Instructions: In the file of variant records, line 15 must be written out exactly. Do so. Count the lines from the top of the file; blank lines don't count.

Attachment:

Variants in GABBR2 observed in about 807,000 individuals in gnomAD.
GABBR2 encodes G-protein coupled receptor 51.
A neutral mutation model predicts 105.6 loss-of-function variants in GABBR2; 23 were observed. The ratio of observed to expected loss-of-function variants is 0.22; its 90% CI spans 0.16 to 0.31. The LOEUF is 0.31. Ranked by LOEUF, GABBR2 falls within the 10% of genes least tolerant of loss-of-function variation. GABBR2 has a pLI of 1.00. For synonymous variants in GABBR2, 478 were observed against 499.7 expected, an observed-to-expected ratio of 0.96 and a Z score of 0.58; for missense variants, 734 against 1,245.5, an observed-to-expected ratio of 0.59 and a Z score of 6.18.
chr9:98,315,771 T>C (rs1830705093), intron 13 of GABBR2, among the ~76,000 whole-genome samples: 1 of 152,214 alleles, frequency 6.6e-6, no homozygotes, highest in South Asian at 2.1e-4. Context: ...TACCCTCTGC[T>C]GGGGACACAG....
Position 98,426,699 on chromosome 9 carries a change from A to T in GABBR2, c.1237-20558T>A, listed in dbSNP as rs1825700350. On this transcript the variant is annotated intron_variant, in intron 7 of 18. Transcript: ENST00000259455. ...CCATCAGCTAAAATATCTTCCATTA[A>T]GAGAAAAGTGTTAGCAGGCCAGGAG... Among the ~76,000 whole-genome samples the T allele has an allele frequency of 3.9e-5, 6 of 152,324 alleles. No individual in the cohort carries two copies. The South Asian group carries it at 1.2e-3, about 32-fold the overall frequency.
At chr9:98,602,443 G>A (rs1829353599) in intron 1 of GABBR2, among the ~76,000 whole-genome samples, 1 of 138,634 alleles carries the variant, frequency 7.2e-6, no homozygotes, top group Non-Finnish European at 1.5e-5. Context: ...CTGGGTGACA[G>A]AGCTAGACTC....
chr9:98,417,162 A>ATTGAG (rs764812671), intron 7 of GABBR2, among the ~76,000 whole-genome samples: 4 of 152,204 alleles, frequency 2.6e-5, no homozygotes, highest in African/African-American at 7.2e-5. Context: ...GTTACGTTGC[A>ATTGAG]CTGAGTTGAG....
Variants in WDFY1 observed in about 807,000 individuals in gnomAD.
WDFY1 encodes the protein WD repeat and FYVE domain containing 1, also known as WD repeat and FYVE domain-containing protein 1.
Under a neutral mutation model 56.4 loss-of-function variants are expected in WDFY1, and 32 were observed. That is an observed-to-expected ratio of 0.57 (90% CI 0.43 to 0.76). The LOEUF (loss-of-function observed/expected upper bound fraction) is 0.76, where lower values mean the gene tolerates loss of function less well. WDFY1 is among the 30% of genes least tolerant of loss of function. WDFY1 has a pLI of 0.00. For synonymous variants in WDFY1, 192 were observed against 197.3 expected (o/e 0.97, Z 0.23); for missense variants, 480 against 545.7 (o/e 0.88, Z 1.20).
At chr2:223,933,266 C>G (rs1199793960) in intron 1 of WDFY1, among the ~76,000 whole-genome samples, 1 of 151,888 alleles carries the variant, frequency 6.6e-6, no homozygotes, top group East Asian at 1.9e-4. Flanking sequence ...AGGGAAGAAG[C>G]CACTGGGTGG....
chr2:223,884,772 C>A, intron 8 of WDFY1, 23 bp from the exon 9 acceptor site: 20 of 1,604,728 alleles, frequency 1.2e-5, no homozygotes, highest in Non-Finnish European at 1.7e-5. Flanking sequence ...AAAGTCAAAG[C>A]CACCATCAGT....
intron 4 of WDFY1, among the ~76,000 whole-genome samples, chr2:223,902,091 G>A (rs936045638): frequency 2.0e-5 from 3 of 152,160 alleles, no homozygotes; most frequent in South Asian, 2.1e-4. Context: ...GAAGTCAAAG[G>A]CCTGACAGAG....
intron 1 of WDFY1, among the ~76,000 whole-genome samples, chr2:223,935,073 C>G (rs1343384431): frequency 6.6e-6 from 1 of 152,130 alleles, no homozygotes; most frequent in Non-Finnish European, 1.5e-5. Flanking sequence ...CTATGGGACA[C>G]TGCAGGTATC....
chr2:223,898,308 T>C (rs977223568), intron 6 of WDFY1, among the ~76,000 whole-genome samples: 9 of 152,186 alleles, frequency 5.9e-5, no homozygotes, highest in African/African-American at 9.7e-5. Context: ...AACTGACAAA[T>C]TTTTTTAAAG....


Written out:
chr2:223,898,308 T>C (rs977223568), intron 6 of WDFY1, among the ~76,000 whole-genome samples: 9 of 152,186 alleles, frequency 5.9e-5, no homozygotes, highest in African/African-American at 9.7e-5. Context: ...AACTGACAAA[T>C]TTTTTTAAAG....